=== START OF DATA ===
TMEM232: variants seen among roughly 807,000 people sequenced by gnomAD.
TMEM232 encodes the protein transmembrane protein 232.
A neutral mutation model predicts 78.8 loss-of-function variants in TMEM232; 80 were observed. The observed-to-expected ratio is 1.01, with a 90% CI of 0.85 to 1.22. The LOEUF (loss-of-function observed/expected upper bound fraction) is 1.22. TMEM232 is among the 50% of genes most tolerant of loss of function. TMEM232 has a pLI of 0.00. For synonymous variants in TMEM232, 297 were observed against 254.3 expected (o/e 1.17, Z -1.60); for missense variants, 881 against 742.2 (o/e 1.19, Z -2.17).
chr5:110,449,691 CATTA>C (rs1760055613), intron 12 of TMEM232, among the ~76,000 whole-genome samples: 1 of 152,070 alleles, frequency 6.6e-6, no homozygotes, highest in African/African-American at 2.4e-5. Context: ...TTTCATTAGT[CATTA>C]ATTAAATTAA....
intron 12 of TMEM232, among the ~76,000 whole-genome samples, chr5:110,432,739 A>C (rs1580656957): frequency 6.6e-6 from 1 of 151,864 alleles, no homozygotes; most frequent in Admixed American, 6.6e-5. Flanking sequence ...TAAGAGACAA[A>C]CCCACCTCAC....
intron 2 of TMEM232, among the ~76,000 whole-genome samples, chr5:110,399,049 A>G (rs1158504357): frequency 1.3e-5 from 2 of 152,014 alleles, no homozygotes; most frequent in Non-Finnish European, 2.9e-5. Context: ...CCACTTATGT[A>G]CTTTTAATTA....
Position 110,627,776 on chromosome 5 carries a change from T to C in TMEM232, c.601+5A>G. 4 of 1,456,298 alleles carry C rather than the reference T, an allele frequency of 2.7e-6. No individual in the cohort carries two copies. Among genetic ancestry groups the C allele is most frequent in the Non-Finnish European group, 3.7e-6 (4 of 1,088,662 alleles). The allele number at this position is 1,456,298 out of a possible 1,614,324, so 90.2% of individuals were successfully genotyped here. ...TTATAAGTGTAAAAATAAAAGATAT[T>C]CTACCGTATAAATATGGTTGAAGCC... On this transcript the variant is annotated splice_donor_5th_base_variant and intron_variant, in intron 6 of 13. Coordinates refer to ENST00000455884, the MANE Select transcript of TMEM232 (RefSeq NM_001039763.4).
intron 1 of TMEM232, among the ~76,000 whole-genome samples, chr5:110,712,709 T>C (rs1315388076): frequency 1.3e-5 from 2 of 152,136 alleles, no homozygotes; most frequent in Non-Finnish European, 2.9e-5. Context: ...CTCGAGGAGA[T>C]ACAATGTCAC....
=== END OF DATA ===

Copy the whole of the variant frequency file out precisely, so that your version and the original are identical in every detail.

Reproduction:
TMEM232: variants seen among roughly 807,000 people sequenced by gnomAD.
TMEM232 encodes the protein transmembrane protein 232.
A neutral mutation model predicts 78.8 loss-of-function variants in TMEM232; 80 were observed. The observed-to-expected ratio is 1.01, with a 90% CI of 0.85 to 1.22. The LOEUF (loss-of-function observed/expected upper bound fraction) is 1.22. TMEM232 is among the 50% of genes most tolerant of loss of function. TMEM232 has a pLI of 0.00. For synonymous variants in TMEM232, 297 were observed against 254.3 expected (o/e 1.17, Z -1.60); for missense variants, 881 against 742.2 (o/e 1.19, Z -2.17).
chr5:110,449,691 CATTA>C (rs1760055613), intron 12 of TMEM232, among the ~76,000 whole-genome samples: 1 of 152,070 alleles, frequency 6.6e-6, no homozygotes, highest in African/African-American at 2.4e-5. Context: ...TTTCATTAGT[CATTA>C]ATTAAATTAA....
intron 12 of TMEM232, among the ~76,000 whole-genome samples, chr5:110,432,739 A>C (rs1580656957): frequency 6.6e-6 from 1 of 151,864 alleles, no homozygotes; most frequent in Admixed American, 6.6e-5. Flanking sequence ...TAAGAGACAA[A>C]CCCACCTCAC....
intron 2 of TMEM232, among the ~76,000 whole-genome samples, chr5:110,399,049 A>G (rs1158504357): frequency 1.3e-5 from 2 of 152,014 alleles, no homozygotes; most frequent in Non-Finnish European, 2.9e-5. Context: ...CCACTTATGT[A>G]CTTTTAATTA....
Position 110,627,776 on chromosome 5 carries a change from T to C in TMEM232, c.601+5A>G. 4 of 1,456,298 alleles carry C rather than the reference T, an allele frequency of 2.7e-6. No individual in the cohort carries two copies. Among genetic ancestry groups the C allele is most frequent in the Non-Finnish European group, 3.7e-6 (4 of 1,088,662 alleles). The allele number at this position is 1,456,298 out of a possible 1,614,324, so 90.2% of individuals were successfully genotyped here. ...TTATAAGTGTAAAAATAAAAGATAT[T>C]CTACCGTATAAATATGGTTGAAGCC... On this transcript the variant is annotated splice_donor_5th_base_variant and intron_variant, in intron 6 of 13. Coordinates refer to ENST00000455884, the MANE Select transcript of TMEM232 (RefSeq NM_001039763.4).
intron 1 of TMEM232, among the ~76,000 whole-genome samples, chr5:110,712,709 T>C (rs1315388076): frequency 1.3e-5 from 2 of 152,136 alleles, no homozygotes; most frequent in Non-Finnish European, 2.9e-5. Context: ...CTCGAGGAGA[T>C]ACAATGTCAC....